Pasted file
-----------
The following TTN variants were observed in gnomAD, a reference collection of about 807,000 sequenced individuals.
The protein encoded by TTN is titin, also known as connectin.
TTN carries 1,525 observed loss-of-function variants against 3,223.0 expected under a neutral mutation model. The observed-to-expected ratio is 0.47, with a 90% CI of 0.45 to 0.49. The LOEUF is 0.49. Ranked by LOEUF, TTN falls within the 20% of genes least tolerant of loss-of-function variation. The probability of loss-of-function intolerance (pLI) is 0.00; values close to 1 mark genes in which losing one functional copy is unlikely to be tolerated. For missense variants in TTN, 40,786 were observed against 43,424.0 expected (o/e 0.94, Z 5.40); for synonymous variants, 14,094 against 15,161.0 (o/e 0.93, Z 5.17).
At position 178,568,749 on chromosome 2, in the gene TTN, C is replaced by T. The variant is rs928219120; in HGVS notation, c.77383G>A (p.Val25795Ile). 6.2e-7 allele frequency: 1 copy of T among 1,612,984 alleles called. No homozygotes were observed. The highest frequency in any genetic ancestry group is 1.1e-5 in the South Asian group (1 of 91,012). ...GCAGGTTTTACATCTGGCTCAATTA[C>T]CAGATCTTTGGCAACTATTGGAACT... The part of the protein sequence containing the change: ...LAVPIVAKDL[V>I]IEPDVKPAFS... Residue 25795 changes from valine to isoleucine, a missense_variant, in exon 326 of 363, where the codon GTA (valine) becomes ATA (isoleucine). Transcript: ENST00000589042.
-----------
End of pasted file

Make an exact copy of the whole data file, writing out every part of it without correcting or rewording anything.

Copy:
The following TTN variants were observed in gnomAD, a reference collection of about 807,000 sequenced individuals.
The protein encoded by TTN is titin, also known as connectin.
TTN carries 1,525 observed loss-of-function variants against 3,223.0 expected under a neutral mutation model. The observed-to-expected ratio is 0.47, with a 90% CI of 0.45 to 0.49. The LOEUF is 0.49. Ranked by LOEUF, TTN falls within the 20% of genes least tolerant of loss-of-function variation. The probability of loss-of-function intolerance (pLI) is 0.00; values close to 1 mark genes in which losing one functional copy is unlikely to be tolerated. For missense variants in TTN, 40,786 were observed against 43,424.0 expected (o/e 0.94, Z 5.40); for synonymous variants, 14,094 against 15,161.0 (o/e 0.93, Z 5.17).
At position 178,568,749 on chromosome 2, in the gene TTN, C is replaced by T. The variant is rs928219120; in HGVS notation, c.77383G>A (p.Val25795Ile). 6.2e-7 allele frequency: 1 copy of T among 1,612,984 alleles called. No homozygotes were observed. The highest frequency in any genetic ancestry group is 1.1e-5 in the South Asian group (1 of 91,012). ...GCAGGTTTTACATCTGGCTCAATTA[C>T]CAGATCTTTGGCAACTATTGGAACT... The part of the protein sequence containing the change: ...LAVPIVAKDL[V>I]IEPDVKPAFS... Residue 25795 changes from valine to isoleucine, a missense_variant, in exon 326 of 363, where the codon GTA (valine) becomes ATA (isoleucine). Transcript: ENST00000589042.